Opinion by Hamish McDonald
In the debacle of Canberra’s handling of the security agreement with China just signed by Solomon Islands Prime Minister Manasseh Sogavare, one revealing outcome has gone largely unnoticed.
Bad enough that Australia’s intelligence community can’t tell us exactly when it knew about Sogavare’s plans. Or that United States President Joe Biden had to step in and send his top Indo-Pacific adviser, Kurt Campbell, to go and wave a big stick in Honiara.
But for Campbell to announce the U.S would send a hospital ship to boost the country’s lagging COVID-19 vaccinations was a devastating rebuke to Scott Morrison’s government.
After two years of talk about helping the Pacific fight the pandemic – “There has never been a more important time for Australia’s Pacific Step Up as we all face these massive challenges,” Morrison told the G20 in March 2020 – the Solomon Islands still has only 20.5 per cent of its 700,000 people double-dosed. A new wave of infections has taken off.
Papua New Guinea’s vaccination rate is a dire 2.9 per cent among its population of perhaps 9 million (no-one is exactly sure of that, as the last census was in 2011). Vanuatu, to the south of the Solomons, is a lot better with 38.5 percent double-dosed.
These three nations, often patronisingly called Australia’s “backyard”, are our inner circle of neighbours along with Timor-Leste and Indonesia. Further south, New Zealand shares greater strategic interest in Fiji, Tonga and Samoa which all have double-vaccination rates above 70 percent.
It is an extraordinary lapse that these three Melanesian nations, generally regarded as Australia’s area of responsibility by its strategic partners, have been left so unprotected.
Sure, Papua New Guinea has immense logistical and cultural barriers to reach its inland population. But the Solomon Islands and Vanuatu should have been an early focus to achieve a high-level of protection. All but their deepest bush villagers would be accessible to joint medical teams operating from Royal Australian Navy ships.
When the election dust settles, Canberra needs a thorough review of Australia’s involvement in the Pacific.
We are yet to see what results from Sogavare’s deal with China – he promises there will be no Chinese military base. But he and other regional leaders have seen that one sure way to get Australia’s attention is to play the China card. If our response is just shrill alarm and external security measures, we are falling into a trap.
Rather than trying to keep China out – which will not happen – Australia should be demonstrating our commitment to Melanesians, concentrating on human development. A belated step-up on COVID-19 would be one thing. A lot of hard infrastructure can be left to China.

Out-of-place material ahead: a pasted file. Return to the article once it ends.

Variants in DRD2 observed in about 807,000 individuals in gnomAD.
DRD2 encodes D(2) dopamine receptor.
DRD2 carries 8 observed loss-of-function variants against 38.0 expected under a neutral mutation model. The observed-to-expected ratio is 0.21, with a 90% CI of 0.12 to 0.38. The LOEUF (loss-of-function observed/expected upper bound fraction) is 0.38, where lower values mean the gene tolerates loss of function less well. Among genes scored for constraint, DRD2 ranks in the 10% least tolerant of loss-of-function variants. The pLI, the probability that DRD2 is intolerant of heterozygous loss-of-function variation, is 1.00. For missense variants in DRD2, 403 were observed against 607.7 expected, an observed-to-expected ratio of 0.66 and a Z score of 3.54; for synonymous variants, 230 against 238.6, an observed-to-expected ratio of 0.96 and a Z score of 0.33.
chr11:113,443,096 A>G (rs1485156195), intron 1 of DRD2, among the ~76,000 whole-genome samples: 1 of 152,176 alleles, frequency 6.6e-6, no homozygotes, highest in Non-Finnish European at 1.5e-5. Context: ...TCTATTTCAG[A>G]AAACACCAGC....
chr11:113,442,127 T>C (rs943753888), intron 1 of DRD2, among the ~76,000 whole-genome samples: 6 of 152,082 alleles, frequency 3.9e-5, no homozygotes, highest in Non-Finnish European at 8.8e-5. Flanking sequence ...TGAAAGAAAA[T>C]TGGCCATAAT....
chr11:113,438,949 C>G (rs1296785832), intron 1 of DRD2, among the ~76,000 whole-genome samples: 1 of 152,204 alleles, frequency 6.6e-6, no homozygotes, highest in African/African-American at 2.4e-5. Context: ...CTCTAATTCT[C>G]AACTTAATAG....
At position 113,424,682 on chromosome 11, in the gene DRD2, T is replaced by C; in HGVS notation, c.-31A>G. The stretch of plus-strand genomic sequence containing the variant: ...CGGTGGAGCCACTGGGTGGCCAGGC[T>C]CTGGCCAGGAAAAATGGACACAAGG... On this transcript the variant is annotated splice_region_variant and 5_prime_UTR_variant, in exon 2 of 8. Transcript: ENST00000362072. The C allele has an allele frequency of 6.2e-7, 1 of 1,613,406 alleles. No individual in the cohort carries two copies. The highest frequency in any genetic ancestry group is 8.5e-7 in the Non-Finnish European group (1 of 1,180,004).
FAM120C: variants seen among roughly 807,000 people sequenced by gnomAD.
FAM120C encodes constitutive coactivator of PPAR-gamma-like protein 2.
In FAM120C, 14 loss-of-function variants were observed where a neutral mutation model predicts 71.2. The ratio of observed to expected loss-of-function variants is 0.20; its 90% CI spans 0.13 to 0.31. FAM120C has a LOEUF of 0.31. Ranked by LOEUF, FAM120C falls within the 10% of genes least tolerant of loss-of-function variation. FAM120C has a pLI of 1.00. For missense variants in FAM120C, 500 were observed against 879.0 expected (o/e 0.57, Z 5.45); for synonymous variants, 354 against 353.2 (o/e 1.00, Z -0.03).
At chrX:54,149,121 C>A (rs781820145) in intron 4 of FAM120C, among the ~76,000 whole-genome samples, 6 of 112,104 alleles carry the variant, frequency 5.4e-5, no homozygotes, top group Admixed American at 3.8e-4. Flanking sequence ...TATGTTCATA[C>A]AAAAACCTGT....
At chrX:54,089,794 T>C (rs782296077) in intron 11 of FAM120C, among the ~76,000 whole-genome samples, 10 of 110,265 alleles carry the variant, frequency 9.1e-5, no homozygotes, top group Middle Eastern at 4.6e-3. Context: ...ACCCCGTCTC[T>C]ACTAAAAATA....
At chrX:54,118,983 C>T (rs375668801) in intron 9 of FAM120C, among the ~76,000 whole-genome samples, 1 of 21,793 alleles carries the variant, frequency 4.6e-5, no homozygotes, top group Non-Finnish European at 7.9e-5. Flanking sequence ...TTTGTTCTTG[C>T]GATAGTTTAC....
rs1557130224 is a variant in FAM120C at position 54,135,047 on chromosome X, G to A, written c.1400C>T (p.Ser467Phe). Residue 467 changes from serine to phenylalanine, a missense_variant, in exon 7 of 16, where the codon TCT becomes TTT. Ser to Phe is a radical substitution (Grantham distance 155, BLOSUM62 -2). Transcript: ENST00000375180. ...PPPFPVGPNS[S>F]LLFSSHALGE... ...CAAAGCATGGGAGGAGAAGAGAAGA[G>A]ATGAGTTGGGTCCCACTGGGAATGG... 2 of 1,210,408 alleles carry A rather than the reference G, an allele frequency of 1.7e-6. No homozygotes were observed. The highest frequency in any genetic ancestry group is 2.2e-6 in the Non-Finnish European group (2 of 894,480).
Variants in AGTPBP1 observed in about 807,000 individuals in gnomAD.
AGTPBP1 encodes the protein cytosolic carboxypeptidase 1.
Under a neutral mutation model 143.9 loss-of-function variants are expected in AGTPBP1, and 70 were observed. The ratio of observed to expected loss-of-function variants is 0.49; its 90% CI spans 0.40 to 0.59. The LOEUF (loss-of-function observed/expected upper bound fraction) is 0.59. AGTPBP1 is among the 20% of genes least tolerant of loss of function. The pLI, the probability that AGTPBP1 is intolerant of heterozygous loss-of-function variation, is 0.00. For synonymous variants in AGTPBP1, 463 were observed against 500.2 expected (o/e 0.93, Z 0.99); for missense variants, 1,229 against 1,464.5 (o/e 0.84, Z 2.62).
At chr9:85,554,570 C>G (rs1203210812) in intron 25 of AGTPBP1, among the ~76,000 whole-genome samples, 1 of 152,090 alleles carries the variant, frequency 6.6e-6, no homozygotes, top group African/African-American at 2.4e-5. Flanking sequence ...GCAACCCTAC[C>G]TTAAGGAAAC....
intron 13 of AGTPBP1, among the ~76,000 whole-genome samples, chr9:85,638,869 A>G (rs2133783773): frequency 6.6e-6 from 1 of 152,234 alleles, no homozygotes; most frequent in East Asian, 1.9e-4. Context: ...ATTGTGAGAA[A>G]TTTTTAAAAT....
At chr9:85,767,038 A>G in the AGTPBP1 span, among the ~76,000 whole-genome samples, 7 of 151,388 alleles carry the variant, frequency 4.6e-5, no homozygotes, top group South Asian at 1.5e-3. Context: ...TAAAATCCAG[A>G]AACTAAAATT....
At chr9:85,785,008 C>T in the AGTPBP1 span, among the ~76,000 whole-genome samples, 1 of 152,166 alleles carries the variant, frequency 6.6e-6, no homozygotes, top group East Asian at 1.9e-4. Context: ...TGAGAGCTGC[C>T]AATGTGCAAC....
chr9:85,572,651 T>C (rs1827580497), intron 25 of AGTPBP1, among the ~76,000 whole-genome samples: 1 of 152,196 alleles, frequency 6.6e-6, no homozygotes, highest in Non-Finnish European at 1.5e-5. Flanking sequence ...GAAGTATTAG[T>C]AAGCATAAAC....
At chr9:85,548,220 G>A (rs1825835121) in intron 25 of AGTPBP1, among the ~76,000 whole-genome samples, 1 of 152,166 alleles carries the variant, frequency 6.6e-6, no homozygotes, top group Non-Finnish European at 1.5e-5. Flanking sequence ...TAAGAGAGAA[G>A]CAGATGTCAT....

Labor’s promise to review and expand seasonal worker and other Pacific labour schemes is overdue. Senate hearings this year heard of abuse – a dozen islanders crammed into single hostel rooms and charged $150 (US$106) a week each, labour hire firms hitting them with dubious charges. Resources to properly police the schemes are lacking. Indeed, visa threats have been wielded to stop workers complaining. Rather than regulate, Agriculture Minister David Littleproud recently got the Morrison cabinet to agree to a new agricultural visa, to bring in South-East Asians with even less protection.
When it works well, and it mostly does, Pacific seasonal work is two-way grassroots aid. Our growers get hard workers to pick their crops. Islanders send funds home for their children’s education, build cyclone-proof houses, or start small businesses. Littleproud’s scheme would be a drop in the ocean for South-East Asia and lead to persistent exploitation scandals. It is a strategic own-goal.
Morrison has spent big to block China from key telecom infrastructure – $200 million (US$141 million) for the Coral Sea fibre-optic cables linking PNG, Solomons and Australia; $1.9 billion (US$1.3 billion) for Telstra’s takeover of Digicel’s regional mobile networks. Will Telstra be offering better, cheaper services to customers in PNG, Fiji or Vanuatu?
And then what content will be carried? For many villagers, their smartphone is the main or only media of news, opinion, and entertainment. But both Coalition and Labor still look to conventional broadcasting, delivering an Australian-made message.
Labor wants to allocate the ABC an extra $8 million (US$5.6 million) a year to resume the broadcasts drastically curtailed when Radio Australia stopped shortwave services in 2017 (with its frequencies then taken by China) and in 2014 when the Coalition withdrew the $25 million (US$17 million) a year funding for ABC overseas television.
Morrison seems happy subsidising broadcast rights for Australian commercial TV soaps and reality shows like Married at First Sight to show off our culture. He derides Labor’s idea as wanting to export Q+A. He hates the ABC.
Actually, while Pacific audiences do value the ABC’s news and current affairs when they can get it, neither side has yet got the pitch right. Pacific specialists see a great void for co-developed versions of informative and educational programmes. Play School, Gardening Australia, Landline – yes, but with Pacific faces, and in Tok Pisin and Bislama.
And we need to show Melanesians we are with them, and not let strategic advisers overwhelm that. Now that Emmanuel Macron is re-elected, Canberra should back associated-nation status for Kanaky-Nouvelle Calédonie, giving Melanesians their nationhood but under France’s wing. And serious climate-change action would turn Pacific eyes to China as the bigger threat.